Learning to code seems to be an ambition that has become as popular as going to the gym more often. Everyone is getting in on the action, and that’s because it’s a fantastic personal investment. Picking up a programming language can lead to better job opportunities, better pay, a new way of thinking about and solving problems, and a source of aesthetic experience.
With this enthusiasm has come a variety of learning resources that is just staggering. There are more books, Youtube videos, paid courses, online coding bootcamps, and classes than you could possibly finish if you lived a hundred years.
A popular learning strategy is to stick to online resources, like Coursera, Udacity, and others. There are several advantages and disadvantages to this approach, and Career Karma has put in the time to help you figure out if this is a good solution for you.
Should I Learn to Code Online?
Answering this question boils down to figuring out what your constraints are and how you learn best.
Advantages of Learning to Code Online:
- Career Karma matches you with top tech bootcamps
- Get exclusive scholarships and prep courses
Some of the biggest advantages to learning to program online include:
Learning to code online means that you can learn pretty much whenever and wherever you want to. Online courses can be expensive, but they’re generally a lot cheaper than a college class, private tutoring, or all the textbooks you’d need to cover the same material.
Lastly, interactivity is a big advantage to learning online since you can’t learn to code unless you actually write code. While reading or listening to lectures, it’s all too easy to skip this part.
Disadvantages of Learning to Code Online:
Some of the biggest disadvantages to learning to program online include:
- Mixed Quality
- Lack of Structure
There are definitely bad textbooks and college courses, but there’s also a lot of vetting that occurs before a person can teach at a college or put out a textbook. Because pretty much anyone can toss out a programming course, not all courses are high quality.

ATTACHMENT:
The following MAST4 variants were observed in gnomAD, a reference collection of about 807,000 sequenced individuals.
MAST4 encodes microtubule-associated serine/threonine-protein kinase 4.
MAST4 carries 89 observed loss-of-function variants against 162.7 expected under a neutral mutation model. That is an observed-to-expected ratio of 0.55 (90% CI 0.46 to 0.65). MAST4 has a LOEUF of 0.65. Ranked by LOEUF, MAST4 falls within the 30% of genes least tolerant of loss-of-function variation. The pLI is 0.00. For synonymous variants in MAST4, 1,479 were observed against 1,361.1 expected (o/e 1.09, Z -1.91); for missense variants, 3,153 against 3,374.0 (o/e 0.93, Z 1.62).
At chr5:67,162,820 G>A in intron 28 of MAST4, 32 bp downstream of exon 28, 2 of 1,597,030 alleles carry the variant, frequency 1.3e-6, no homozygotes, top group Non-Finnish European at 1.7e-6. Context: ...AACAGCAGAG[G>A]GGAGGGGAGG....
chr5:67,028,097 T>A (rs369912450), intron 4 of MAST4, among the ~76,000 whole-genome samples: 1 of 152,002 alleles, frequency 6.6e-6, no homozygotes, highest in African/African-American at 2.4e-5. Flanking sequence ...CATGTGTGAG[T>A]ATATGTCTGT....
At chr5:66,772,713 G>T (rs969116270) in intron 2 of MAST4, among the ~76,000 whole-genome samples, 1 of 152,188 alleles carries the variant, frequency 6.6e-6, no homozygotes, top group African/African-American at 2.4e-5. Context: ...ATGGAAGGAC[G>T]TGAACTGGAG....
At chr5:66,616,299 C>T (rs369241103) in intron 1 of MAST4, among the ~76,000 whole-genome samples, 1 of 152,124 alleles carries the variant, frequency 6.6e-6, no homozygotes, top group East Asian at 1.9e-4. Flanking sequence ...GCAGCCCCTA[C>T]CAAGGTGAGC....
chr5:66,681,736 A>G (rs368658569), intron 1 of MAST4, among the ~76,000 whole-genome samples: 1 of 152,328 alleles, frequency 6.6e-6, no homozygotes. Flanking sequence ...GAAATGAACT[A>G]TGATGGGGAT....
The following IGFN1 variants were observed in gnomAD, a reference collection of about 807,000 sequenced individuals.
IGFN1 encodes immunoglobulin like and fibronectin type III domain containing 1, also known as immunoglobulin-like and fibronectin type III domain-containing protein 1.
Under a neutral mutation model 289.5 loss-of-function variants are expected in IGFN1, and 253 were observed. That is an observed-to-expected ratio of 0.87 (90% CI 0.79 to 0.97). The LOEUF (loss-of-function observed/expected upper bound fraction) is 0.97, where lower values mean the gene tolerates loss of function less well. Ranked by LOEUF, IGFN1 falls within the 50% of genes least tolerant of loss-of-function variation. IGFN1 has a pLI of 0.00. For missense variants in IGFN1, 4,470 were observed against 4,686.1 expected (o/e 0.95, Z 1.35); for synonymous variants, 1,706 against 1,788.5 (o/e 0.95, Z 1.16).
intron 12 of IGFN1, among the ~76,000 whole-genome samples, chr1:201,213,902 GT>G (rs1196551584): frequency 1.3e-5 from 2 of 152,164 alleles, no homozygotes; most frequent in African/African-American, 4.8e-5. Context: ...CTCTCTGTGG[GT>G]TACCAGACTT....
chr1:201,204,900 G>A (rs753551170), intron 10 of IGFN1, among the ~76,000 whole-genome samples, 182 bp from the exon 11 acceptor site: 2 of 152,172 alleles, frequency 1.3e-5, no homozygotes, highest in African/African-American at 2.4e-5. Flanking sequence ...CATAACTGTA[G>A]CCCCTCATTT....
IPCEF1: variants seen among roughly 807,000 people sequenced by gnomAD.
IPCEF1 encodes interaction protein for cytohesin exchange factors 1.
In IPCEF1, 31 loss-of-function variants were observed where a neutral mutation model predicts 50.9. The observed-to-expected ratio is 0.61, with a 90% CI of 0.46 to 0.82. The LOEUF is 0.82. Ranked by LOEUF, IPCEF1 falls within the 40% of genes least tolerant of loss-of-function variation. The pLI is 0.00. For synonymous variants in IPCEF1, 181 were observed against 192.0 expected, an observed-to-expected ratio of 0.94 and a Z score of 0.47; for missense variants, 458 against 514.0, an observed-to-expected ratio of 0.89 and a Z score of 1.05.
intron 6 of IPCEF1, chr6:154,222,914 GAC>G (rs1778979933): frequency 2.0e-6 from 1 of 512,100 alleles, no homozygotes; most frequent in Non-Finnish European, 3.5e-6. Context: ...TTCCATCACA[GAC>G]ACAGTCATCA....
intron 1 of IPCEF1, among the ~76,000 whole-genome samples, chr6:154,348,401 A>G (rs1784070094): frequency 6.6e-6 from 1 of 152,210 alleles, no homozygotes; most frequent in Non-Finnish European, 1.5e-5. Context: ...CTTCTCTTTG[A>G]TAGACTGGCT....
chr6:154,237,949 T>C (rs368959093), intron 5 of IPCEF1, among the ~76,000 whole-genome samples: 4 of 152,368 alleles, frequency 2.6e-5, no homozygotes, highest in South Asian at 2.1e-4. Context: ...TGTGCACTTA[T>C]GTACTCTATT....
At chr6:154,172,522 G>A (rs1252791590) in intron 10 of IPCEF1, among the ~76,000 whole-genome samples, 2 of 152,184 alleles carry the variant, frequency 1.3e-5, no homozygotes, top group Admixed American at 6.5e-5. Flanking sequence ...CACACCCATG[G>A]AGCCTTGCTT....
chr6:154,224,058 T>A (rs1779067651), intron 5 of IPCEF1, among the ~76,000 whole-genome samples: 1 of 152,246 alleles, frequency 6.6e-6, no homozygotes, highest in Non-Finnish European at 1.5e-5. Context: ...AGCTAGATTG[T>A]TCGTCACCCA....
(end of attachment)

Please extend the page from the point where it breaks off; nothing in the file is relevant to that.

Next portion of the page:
Lastly, online programs lack structure. As a beginner learning to code, it can be difficult to know what order to approach different subjects. For all the expense and hassle, a four-year degree does at least lay out a clear, unambiguous learning path, and that’s worth something.
So, how well do you think you can do given this mix of pros and cons? If you choose to stick to online resources, you’ll need to make sure they’re high-quality–preferably recommended by professionals in the field. Also, be sure they offer a clear progression of ideas, involve lots of hands-on project building, and provide access to instructors, teachers, or peers that can answer your questions.
So, How Long Will It Take to Learn Computer Science?
How long it takes to learn to code online will depend on how much time you put into it. If you consistently code for one hour a day, it will probably take at least a year for you to acquire any reasonable skill. You can cut this down considerably by spending a full day each week working on a serious learning project.
If you manage to spend three or four hours a day coding, there’s a real chance you could get a basic entry-level job in eight months. Again, you could likely cut this down to six months if you spend five hours a day coding. So if you’re wondering how many years it takes to become a computer programmer, the answer to this question mainly depends on how much time you’re willing to commit.
And all of this is assuming that you are beginning with no experience. If you programmed a bit in college or do so occasionally as a hobby, you’ll get there far faster.
There is no “right” way to learn to code! You can learn programming through self study, a traditional four-year degree, or through a coding bootcamp.
If you commit 3-4 hours a day to learning to code, you could land an entry-level programming job in as little as 6-8 months.
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